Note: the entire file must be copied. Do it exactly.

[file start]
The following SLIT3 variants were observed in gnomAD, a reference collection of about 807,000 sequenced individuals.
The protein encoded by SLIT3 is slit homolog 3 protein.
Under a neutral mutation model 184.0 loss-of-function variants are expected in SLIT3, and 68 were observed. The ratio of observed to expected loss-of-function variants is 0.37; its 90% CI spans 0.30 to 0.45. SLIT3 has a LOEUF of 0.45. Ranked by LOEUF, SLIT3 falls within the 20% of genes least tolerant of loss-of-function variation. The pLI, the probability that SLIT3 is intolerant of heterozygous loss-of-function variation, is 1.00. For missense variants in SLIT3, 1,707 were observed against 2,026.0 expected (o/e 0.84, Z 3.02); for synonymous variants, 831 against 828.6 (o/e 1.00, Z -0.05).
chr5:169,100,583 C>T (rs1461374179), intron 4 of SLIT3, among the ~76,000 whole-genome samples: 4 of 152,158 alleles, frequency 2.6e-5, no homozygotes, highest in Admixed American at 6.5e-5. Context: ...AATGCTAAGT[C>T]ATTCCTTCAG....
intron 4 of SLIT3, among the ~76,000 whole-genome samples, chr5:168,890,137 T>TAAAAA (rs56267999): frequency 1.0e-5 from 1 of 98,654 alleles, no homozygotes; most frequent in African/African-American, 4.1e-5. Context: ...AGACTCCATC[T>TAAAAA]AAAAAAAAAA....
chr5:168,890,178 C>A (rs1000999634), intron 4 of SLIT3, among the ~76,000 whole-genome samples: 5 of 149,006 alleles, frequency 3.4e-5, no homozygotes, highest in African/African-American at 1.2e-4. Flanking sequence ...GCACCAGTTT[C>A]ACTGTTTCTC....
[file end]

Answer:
The following SLIT3 variants were observed in gnomAD, a reference collection of about 807,000 sequenced individuals.
The protein encoded by SLIT3 is slit homolog 3 protein.
Under a neutral mutation model 184.0 loss-of-function variants are expected in SLIT3, and 68 were observed. The ratio of observed to expected loss-of-function variants is 0.37; its 90% CI spans 0.30 to 0.45. SLIT3 has a LOEUF of 0.45. Ranked by LOEUF, SLIT3 falls within the 20% of genes least tolerant of loss-of-function variation. The pLI, the probability that SLIT3 is intolerant of heterozygous loss-of-function variation, is 1.00. For missense variants in SLIT3, 1,707 were observed against 2,026.0 expected (o/e 0.84, Z 3.02); for synonymous variants, 831 against 828.6 (o/e 1.00, Z -0.05).
chr5:169,100,583 C>T (rs1461374179), intron 4 of SLIT3, among the ~76,000 whole-genome samples: 4 of 152,158 alleles, frequency 2.6e-5, no homozygotes, highest in Admixed American at 6.5e-5. Context: ...AATGCTAAGT[C>T]ATTCCTTCAG....
intron 4 of SLIT3, among the ~76,000 whole-genome samples, chr5:168,890,137 T>TAAAAA (rs56267999): frequency 1.0e-5 from 1 of 98,654 alleles, no homozygotes; most frequent in African/African-American, 4.1e-5. Context: ...AGACTCCATC[T>TAAAAA]AAAAAAAAAA....
chr5:168,890,178 C>A (rs1000999634), intron 4 of SLIT3, among the ~76,000 whole-genome samples: 5 of 149,006 alleles, frequency 3.4e-5, no homozygotes, highest in African/African-American at 1.2e-4. Flanking sequence ...GCACCAGTTT[C>A]ACTGTTTCTC....